Between April 2000 and April 2008, the price per gallon of unleaded regular gas more than doubled from $1.50 to $3.44 [source: Bureau of Labor Statistics]. When fuel costs rise, it creates a domino effect that hits consumers' wallets in more places than at the pump.
Case in point: food. Pricier gasoline means higher costs to manufacture and transport food. And these days, corn and soybeans are used to create alternative fuel, so that also affects the price of food goods that contain those two vegetables. With these and other forces combined, a trip to the grocery store today costs you noticeably more than it did a few years ago. A dozen eggs now costs twice what it did in 2000, and ground beef isn't far behind [source: Bureau of Labor Statistics]. Things aren't faring much better in the fruits and vegetables aisle either. Iceberg lettuce has jumped a quarter from 65 cents to 90 cents, and the same hike goes for Red Delicious apples [source: Bureau of Labor Statistics].
Overall, from spring 2007 to spring 2008, the average price of all goods we buy has gone up 3.9 percent [source: Bureau of Labor Statistics]. That may look like an insignificant figure, but we spend more money on food than almost anything else. The average American's food expenses eat up around 13 percent of all expenses [source: Bureau of Labor Statistics]. If you're mainly concerned about soaring gas prices, think again. We actually shell out around 10 percent more money on food than fuel [source: Bureau of Labor Statistics].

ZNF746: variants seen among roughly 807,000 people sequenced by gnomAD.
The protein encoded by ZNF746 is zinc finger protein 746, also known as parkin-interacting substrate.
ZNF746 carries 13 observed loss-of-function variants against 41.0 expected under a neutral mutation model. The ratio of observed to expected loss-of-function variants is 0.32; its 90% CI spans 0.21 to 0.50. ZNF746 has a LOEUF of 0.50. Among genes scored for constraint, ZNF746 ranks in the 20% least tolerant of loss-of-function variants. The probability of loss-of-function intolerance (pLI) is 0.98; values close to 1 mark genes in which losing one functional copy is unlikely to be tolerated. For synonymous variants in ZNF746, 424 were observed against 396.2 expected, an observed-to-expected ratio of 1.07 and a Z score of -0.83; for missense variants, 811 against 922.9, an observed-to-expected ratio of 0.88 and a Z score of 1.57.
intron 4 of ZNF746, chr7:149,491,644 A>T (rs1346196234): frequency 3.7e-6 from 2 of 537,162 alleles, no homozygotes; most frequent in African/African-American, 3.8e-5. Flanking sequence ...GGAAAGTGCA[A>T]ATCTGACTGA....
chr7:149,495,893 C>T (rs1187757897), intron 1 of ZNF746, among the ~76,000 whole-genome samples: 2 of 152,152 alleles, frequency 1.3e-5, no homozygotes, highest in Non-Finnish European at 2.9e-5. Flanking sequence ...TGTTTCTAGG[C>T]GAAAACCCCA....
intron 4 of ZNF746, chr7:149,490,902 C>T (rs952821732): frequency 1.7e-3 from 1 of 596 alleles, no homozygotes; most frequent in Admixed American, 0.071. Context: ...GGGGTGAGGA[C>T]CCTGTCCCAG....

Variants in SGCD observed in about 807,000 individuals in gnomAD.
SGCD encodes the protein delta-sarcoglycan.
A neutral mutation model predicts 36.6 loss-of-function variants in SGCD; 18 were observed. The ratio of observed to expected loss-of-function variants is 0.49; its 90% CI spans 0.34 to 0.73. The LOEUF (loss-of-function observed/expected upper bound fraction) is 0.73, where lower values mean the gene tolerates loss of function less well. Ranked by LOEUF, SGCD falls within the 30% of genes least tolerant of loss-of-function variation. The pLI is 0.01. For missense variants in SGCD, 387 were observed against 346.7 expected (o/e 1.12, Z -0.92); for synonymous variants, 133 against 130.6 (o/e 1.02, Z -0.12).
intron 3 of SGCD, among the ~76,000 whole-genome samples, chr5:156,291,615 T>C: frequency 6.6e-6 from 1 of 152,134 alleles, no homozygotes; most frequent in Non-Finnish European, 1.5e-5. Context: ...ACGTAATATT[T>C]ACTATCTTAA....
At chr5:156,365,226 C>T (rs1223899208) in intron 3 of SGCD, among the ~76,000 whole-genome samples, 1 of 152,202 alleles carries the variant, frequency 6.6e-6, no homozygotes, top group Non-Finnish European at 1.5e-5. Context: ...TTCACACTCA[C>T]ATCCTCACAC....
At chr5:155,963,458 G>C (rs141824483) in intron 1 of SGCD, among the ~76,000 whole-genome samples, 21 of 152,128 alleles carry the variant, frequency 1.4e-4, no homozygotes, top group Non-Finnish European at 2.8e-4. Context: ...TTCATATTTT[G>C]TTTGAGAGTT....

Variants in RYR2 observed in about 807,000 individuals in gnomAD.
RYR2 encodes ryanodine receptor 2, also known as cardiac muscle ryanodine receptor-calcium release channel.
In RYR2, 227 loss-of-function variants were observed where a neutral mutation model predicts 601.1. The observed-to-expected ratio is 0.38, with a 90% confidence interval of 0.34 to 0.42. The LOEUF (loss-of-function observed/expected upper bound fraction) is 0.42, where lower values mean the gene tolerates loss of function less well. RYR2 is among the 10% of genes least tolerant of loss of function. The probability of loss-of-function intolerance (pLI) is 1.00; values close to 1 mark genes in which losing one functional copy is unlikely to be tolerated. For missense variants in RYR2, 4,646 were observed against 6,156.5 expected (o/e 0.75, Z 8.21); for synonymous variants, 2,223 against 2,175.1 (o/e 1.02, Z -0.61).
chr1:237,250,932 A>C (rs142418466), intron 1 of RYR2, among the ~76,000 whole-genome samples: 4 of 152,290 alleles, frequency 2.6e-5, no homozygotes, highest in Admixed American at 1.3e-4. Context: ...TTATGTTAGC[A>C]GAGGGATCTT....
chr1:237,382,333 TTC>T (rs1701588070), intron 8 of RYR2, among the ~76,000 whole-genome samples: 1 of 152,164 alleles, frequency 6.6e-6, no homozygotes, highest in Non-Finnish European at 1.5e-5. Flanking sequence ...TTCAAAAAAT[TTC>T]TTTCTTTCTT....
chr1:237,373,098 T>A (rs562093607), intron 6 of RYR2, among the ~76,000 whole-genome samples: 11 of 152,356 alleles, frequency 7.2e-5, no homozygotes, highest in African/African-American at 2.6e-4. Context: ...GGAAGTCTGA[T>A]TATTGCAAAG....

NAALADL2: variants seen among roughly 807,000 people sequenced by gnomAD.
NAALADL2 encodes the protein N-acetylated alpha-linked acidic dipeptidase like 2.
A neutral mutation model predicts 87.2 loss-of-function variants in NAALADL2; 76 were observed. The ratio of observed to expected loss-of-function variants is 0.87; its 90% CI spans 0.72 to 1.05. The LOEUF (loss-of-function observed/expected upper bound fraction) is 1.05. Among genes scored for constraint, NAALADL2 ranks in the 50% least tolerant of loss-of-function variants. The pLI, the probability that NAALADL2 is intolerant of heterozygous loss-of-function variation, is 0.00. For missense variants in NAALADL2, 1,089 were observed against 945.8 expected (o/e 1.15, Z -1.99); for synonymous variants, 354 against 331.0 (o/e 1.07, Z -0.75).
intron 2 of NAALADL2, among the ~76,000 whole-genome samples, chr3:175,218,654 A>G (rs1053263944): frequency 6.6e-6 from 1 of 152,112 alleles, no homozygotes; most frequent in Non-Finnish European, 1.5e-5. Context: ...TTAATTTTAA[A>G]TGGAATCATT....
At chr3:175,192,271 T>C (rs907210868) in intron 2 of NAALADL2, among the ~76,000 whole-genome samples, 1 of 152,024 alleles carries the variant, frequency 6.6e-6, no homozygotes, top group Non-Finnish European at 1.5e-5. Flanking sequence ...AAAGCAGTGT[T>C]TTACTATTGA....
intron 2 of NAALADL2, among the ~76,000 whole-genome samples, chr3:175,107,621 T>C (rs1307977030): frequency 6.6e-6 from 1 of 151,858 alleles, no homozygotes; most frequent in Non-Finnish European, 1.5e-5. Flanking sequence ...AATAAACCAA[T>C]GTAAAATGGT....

To take the sting out of higher food prices, some people in the United States are harking back to the days of World War II and victory gardens. During the war, the U.S. government instituted a food rationing policy to free up supplies for troops overseas. As a way to encourage the American public to grow their own food and supplement the rations, the Department of Agriculture established the "Food Fights for Freedom" campaign. Lawns converted into so-called victory gardens became a patriotic symbol of helping the war effort at home. This also sparked the first community gardens in public spaces that people collectively cared for. By 1943, 20 million households had set up victory gardens, supplying more than 40 percent of the nation's produce [source: Bentley]. Even the White House hosted a victory garden of beans and carrots [source: Davis].
Although the U.S. is engaged in a war today, some Americans are turning to victory gardens for economic, not patriotic, reasons. On the next page, find out if it can make a difference with food expenses.